The overarching principles of how I eat are to get the majority of my calories from meat and vegetables while avoiding going into ketosis.  Pavel Tsastouline explained the first premise with his quote of “meat for strength, vegetables for health”, and the reason for avoiding ketosis is simply that I have not known anyone that achieved a high level of strength while being in ketosis.

If the goal is fat loss, I have found success by sticking primarily with a vegetable medley of carrots, cauliflower and broccoli and eating a lot of it in order to stay satiated without taking in much in terms of calories.  For weight gain, one could introduce some manner of potato (sweet or otherwise).  I’ve also enjoyed oatmeal as a carbohydrate source.


I am the type of person that can eat the same thing everyday for months on end, so there is little variety in my diet when it’s up to me to prepare my food.  My primary protein source is ground beef, but I will also cook pot roasts, chicken tenderloins, and steaks.  I enjoy eggs, but find I have to eat a ton of them to get satiated, and don’t enjoy the effort that goes in to making so many at once.  I know I should eat fish, but I just plain don’t.  I also drink 2 protein shakes a day, one first thing in the morning and one post training/dinner.  When I am losing weight, I use skim milk, when I am gaining weight, I use whole milk.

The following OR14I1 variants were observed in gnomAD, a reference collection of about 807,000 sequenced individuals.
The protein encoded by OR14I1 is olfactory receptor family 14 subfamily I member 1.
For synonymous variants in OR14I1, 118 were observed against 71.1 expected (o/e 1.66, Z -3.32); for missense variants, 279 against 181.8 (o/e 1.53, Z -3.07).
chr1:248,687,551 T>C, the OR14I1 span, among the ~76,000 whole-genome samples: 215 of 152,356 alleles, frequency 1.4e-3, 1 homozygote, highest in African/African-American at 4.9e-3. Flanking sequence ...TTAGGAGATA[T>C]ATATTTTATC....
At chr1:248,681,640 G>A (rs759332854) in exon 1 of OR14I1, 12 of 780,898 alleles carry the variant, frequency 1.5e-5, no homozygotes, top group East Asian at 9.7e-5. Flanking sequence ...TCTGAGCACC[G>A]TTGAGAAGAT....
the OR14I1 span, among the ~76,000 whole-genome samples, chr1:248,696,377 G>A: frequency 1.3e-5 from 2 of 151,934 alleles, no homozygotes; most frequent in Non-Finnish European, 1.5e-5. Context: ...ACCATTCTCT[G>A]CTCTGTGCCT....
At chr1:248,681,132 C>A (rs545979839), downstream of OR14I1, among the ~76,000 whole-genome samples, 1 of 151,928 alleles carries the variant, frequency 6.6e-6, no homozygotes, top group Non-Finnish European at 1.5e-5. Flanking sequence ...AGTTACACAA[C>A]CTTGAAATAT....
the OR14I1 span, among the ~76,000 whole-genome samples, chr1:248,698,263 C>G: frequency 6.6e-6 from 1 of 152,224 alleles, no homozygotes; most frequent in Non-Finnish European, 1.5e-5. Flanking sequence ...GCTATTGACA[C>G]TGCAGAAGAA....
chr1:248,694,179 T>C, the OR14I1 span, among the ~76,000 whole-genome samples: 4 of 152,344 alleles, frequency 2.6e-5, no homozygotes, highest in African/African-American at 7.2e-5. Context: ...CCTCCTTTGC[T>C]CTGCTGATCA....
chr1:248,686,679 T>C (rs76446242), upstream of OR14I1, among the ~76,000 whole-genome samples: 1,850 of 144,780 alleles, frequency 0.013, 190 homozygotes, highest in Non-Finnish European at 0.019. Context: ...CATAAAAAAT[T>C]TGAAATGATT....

"Will it get me jacked?  What did the chicken total?"

For vegetables, I primarily buy frozen veggies.  I like vegetable medley of carrots, broccoli and cauliflower, but if that’s not available, I go with frozen broccoli.  I’ll buy bagged salads if I’m feeling lazy and want to make a taco salad on occasions, but in general I keep things very simple.

I also aim for at least a gallon of water a day.  When training volume gets really heavy while food is light, I move up to 2 gallons, which helps me feel fuller longer.   I am a diet soda fiend as well, and find it’s helpful for variety and satisfying any sweet cravings, but I also and simply a caffeine addict.


Cooking does not need to be complicated.  Food simply must be safe to eat so that you can keep training and getting stronger.  It also doesn't take a long time to cook basic meals, and preparing food ahead of time will really shave off time invested.

3 basic tools you need in the kitchen are a good frying pain (or foreman grill), a slow cooker, and a corningware style dish that you can cover.  Chicken and pot roasts can be cooked in a slow cooker while you are at work/school and requires just a few minutes of prep, ground beef can be browned in a frying pain in about 8 minutes, and veggies can be cooked in the corningware dish in the microwave in about 5 minutes.  A meal takes almost no time to prep, while still being very filling and helpful for recovery/training.  If you want to get more complex than this, you are free to do so, but I survived in a hotel room for 2 months on a business trip using a foreman grill, slow cooker and corningware dish while still setting PRs in the weightroom.